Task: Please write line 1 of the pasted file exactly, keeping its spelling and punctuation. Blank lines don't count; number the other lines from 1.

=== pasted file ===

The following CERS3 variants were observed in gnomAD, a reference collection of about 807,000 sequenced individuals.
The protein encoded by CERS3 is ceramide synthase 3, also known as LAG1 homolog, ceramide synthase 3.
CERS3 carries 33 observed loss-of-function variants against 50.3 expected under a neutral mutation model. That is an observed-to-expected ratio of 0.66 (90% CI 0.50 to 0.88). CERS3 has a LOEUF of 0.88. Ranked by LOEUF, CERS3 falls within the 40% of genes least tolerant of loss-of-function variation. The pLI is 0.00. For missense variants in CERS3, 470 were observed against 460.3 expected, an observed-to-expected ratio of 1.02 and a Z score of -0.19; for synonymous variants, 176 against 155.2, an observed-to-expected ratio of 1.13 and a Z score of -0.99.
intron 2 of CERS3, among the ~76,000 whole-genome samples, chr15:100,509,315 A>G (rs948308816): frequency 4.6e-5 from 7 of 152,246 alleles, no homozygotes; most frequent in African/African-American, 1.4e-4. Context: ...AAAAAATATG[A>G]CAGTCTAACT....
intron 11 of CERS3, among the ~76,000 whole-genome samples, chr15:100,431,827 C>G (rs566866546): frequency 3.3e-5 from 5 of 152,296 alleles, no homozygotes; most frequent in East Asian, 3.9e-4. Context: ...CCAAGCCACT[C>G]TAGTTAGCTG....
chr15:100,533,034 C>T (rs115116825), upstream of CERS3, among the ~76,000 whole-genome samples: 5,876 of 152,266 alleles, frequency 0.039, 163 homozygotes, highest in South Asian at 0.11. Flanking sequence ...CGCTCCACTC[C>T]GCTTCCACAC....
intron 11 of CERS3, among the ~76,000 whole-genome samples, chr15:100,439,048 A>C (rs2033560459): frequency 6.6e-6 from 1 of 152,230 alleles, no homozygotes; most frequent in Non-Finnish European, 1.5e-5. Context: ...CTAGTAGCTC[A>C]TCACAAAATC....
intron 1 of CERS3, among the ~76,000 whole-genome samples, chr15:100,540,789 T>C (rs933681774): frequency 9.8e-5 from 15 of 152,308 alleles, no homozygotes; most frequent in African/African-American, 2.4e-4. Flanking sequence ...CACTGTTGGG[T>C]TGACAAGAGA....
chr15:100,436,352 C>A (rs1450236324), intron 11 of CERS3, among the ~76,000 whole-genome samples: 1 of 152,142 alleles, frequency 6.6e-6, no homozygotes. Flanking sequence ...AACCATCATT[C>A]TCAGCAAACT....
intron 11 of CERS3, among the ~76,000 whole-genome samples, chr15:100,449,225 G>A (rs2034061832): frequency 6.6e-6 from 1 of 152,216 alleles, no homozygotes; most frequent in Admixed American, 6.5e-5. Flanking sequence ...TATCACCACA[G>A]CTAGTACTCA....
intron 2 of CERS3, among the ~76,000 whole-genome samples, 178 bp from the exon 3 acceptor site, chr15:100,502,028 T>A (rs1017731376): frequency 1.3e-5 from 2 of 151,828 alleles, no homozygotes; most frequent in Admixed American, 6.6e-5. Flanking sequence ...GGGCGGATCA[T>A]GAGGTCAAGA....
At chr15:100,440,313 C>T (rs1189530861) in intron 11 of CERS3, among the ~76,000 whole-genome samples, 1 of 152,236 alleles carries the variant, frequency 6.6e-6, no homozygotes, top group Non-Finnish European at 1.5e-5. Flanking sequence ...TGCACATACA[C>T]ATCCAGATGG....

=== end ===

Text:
The following CERS3 variants were observed in gnomAD, a reference collection of about 807,000 sequenced individuals.